ACQUA is an Application for prediCting QUality of Experience (QoE) at Internet Access. It is developed by the Diana team at Inria Sophia Antipolis – Méditerranée and is supported by Inria under the ADT ACQUA grant. The scientific project around ACQUA is supported by Inria Project Lab BetterNet and the French National Project ANR BottleNet. ACQUA presents a new way for the evaluation of the performance of Internet access. Starting from network-level measurements as the ones we often do today (bandwidth, delay, loss rates, jitter, etc), ACQUA targets the estimated quality of experience related to the different applications of interest to the user without the need to run them (e.g., estimated Skype quality, estimated video streaming quality).
An application in ACQUA is a function, or a model, that links the network-level and device-level measurements to the expected quality of experience. Supervised machine learning techniques are used to establish such link between measurements both at the network level and the device level, and estimations of the Quality of Experience for different Internet applications. The required data for such learning can be obtained either by controlled experiments as we did in a recent communication on Skype Quality of Experience, or by soliciting the crowd (i.e. crowdsourcing) for combinations (i.e. tuples) of measurements and corresponding application-level quality of experience.
Our current work is concentrating on using the ACQUA principle in the estimation and prediction of the quality of experience for main user’s applications (we refer to this video and this paper for more details).
The ACQUA Android application is supposed to be on one hand the reference application for QoE forecasting for end users at their Internet access, and on the other hand, the feedback channel that allows end users to report to us (if they are willing) on their experience together with the corresponding network measurements so as to help us calibrating better and more realistic models. For this calibration, we are currently performing extensive, efficient and automatic measurements in the laboratory, we will count on end users to help us completing this dataset with further applications and more realistic network and user conditions.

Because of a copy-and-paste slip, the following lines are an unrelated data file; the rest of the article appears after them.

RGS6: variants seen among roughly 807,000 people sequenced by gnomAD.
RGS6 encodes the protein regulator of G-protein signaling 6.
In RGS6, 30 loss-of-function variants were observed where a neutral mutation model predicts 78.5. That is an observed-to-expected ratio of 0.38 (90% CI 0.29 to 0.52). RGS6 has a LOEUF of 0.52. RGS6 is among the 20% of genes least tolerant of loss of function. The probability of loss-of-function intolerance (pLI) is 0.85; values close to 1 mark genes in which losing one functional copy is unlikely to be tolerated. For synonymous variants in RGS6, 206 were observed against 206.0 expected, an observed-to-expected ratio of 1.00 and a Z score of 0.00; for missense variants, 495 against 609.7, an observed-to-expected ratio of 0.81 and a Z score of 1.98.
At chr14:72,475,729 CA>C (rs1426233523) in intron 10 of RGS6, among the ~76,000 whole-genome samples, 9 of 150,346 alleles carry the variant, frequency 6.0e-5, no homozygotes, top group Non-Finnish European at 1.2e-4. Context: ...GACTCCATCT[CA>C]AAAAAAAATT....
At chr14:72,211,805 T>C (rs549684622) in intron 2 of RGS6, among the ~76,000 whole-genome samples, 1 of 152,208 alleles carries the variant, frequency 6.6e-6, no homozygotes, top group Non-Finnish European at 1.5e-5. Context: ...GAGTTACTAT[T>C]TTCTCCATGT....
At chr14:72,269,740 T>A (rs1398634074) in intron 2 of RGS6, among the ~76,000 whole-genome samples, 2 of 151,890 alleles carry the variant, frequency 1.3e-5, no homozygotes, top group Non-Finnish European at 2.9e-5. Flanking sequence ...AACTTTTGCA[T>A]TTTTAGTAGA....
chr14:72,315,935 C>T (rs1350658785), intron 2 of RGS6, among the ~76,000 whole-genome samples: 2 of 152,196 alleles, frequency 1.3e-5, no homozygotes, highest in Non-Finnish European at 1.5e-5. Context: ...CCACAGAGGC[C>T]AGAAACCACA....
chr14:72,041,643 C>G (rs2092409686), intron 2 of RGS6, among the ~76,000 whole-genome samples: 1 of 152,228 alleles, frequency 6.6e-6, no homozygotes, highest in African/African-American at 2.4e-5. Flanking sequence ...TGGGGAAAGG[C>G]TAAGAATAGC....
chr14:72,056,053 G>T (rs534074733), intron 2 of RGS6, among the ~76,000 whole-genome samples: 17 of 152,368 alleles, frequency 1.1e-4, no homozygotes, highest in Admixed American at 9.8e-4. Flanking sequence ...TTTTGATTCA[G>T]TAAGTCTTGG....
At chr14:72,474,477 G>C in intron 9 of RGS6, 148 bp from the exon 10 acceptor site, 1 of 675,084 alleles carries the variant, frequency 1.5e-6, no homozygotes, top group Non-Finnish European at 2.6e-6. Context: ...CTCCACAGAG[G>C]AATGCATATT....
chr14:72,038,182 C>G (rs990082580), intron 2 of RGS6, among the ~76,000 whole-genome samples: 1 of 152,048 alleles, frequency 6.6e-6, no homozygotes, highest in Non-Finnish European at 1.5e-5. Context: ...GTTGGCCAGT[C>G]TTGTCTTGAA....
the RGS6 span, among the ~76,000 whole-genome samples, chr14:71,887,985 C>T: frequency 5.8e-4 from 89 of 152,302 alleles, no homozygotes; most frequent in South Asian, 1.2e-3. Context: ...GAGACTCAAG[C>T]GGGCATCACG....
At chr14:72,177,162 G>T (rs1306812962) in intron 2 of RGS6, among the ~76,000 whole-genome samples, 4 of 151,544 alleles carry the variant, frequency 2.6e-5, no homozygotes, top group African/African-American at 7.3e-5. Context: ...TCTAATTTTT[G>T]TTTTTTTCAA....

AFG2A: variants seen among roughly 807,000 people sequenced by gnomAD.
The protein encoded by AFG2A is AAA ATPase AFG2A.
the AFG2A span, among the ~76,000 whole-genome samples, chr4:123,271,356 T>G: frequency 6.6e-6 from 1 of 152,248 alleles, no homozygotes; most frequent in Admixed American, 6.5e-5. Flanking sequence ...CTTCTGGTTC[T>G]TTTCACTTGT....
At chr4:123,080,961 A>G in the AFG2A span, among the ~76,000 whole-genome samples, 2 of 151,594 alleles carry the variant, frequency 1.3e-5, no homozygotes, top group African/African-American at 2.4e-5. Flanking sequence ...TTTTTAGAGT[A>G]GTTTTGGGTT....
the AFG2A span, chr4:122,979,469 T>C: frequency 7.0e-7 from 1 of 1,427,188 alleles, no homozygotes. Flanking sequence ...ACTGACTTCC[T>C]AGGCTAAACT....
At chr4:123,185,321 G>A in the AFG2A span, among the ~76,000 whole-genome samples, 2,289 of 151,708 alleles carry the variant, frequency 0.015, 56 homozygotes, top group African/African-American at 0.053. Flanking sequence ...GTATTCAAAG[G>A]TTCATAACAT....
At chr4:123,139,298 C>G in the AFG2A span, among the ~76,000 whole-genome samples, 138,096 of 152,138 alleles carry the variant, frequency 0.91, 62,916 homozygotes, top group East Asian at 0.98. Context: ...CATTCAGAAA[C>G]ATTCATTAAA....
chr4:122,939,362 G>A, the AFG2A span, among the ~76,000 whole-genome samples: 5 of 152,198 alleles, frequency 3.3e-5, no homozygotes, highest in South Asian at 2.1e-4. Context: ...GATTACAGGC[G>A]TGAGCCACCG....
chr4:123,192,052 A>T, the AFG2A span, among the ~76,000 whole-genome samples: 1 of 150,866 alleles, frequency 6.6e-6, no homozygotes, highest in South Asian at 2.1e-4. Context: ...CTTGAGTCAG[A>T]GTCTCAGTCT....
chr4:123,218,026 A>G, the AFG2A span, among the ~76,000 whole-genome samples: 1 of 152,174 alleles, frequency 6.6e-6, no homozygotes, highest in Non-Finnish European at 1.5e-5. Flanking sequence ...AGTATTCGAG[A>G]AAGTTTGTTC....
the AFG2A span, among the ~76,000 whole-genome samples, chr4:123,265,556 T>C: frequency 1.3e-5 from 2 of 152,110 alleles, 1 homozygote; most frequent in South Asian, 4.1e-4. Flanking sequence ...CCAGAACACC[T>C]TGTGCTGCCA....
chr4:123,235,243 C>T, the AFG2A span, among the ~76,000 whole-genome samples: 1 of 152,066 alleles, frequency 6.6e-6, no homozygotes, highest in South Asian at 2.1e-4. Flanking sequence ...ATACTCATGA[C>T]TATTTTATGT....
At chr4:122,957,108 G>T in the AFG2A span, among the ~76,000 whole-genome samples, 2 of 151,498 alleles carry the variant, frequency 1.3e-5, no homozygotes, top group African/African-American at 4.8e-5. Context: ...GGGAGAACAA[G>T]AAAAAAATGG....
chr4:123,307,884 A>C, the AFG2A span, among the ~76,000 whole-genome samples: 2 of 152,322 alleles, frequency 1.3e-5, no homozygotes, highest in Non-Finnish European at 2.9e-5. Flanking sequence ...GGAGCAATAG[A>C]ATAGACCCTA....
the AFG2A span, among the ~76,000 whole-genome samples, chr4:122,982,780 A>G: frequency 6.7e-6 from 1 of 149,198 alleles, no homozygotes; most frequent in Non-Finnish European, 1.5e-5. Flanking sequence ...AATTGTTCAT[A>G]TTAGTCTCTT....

ACQUA is mainly meant for end users, but it is also of interest to (mobile) network operators and content providers to predict the QoE of their customers and their networks without each time having to run expensive application-level traffic and to involve real users.
Why is ACQUA?
The Internet usage has changed drastically the recent years. We moved from an Internet meant to connect hosts together with basic offered services such as email, file transfer, or remote connection, to an Internet that is meant to consume digital content and that hosts plethora of services of all types including voice over IP (VoIP), video streaming, online shopping, games, news, etc. This has in particular changed the expectation end users have in terms of the quality of the Internet service. We moved from an era where the best effort nature of the Internet was driving the expectations of end users, mostly knowledgeable in Internet technology and Internet protocols, to an era where we want the best possible quality from the Internet and where any interruption of any service can cause frustration at end users with a serious economical impact. This important change has increased the pressure on network operators and service providers, more and more interested by capturing the Quality of Experience at end users, rather than simply capturing the physical properties of their Internet connection (e.g., bandwidth, delay, jitter, or loss rate). For example, a service provider cannot afford to wait for customers’ complaints for having low quality of experience for their main applications, as according to a recent Accenture survey, about 90% of users simply change their network provider when they undergo low service quality without even taking time to give feedback to their operator before leaving. Therefore, it is essential that network operators and service providers have means to continually measure the Quality of Experience (QoE) and improve it as necessary. The difficulty being that, as compared to Quality of Service (QoS), QoE is a subjective measure of end users’ satisfaction with the service they are getting from the network.
On the other hand, end users themselves are mostly equipped with measurement tools that observe physical performance of their Internet connection (e.g., bandwidth, delay, and loss rate) without providing Quality of Experience information. Despite the presence of basic QoE indicators in popular applications like Skype or Viber, there is a lack of a general solution for a fine-grained evaluation of the quality of Internet access in terms of QoE. A general solution to assess QoE would help end users and providers as on the one hand it would provide end users with a feedback that they can easily understand, and hence avoid confusion in the way they interpret the performance of their Internet access, and on the another hand, it would give providers an invaluable means for the profiling of the Internet accesses in terms of applications that can run with their QoE, hence allowing them a more transparent relation with their customers.